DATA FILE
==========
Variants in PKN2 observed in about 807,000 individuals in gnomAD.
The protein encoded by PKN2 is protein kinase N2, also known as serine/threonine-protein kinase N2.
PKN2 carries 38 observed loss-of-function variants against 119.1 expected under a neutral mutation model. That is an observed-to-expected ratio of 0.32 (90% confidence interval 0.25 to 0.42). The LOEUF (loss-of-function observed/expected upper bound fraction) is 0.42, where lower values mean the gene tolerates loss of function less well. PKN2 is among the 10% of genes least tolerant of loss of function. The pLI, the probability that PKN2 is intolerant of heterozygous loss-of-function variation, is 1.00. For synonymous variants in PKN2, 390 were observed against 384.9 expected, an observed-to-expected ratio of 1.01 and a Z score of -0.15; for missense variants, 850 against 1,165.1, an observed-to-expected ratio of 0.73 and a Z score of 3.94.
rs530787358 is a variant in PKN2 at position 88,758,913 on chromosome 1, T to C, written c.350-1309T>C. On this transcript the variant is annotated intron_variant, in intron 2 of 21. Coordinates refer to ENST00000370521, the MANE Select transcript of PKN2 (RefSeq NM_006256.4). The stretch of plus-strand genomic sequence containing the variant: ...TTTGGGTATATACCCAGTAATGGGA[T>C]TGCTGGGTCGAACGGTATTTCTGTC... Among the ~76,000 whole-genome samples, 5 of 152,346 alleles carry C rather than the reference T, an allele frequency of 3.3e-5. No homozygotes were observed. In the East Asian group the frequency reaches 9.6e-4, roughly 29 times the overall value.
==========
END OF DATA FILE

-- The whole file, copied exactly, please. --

Variants in PKN2 observed in about 807,000 individuals in gnomAD.
The protein encoded by PKN2 is protein kinase N2, also known as serine/threonine-protein kinase N2.
PKN2 carries 38 observed loss-of-function variants against 119.1 expected under a neutral mutation model. That is an observed-to-expected ratio of 0.32 (90% confidence interval 0.25 to 0.42). The LOEUF (loss-of-function observed/expected upper bound fraction) is 0.42, where lower values mean the gene tolerates loss of function less well. PKN2 is among the 10% of genes least tolerant of loss of function. The pLI, the probability that PKN2 is intolerant of heterozygous loss-of-function variation, is 1.00. For synonymous variants in PKN2, 390 were observed against 384.9 expected, an observed-to-expected ratio of 1.01 and a Z score of -0.15; for missense variants, 850 against 1,165.1, an observed-to-expected ratio of 0.73 and a Z score of 3.94.
rs530787358 is a variant in PKN2 at position 88,758,913 on chromosome 1, T to C, written c.350-1309T>C. On this transcript the variant is annotated intron_variant, in intron 2 of 21. Coordinates refer to ENST00000370521, the MANE Select transcript of PKN2 (RefSeq NM_006256.4). The stretch of plus-strand genomic sequence containing the variant: ...TTTGGGTATATACCCAGTAATGGGA[T>C]TGCTGGGTCGAACGGTATTTCTGTC... Among the ~76,000 whole-genome samples, 5 of 152,346 alleles carry C rather than the reference T, an allele frequency of 3.3e-5. No homozygotes were observed. In the East Asian group the frequency reaches 9.6e-4, roughly 29 times the overall value.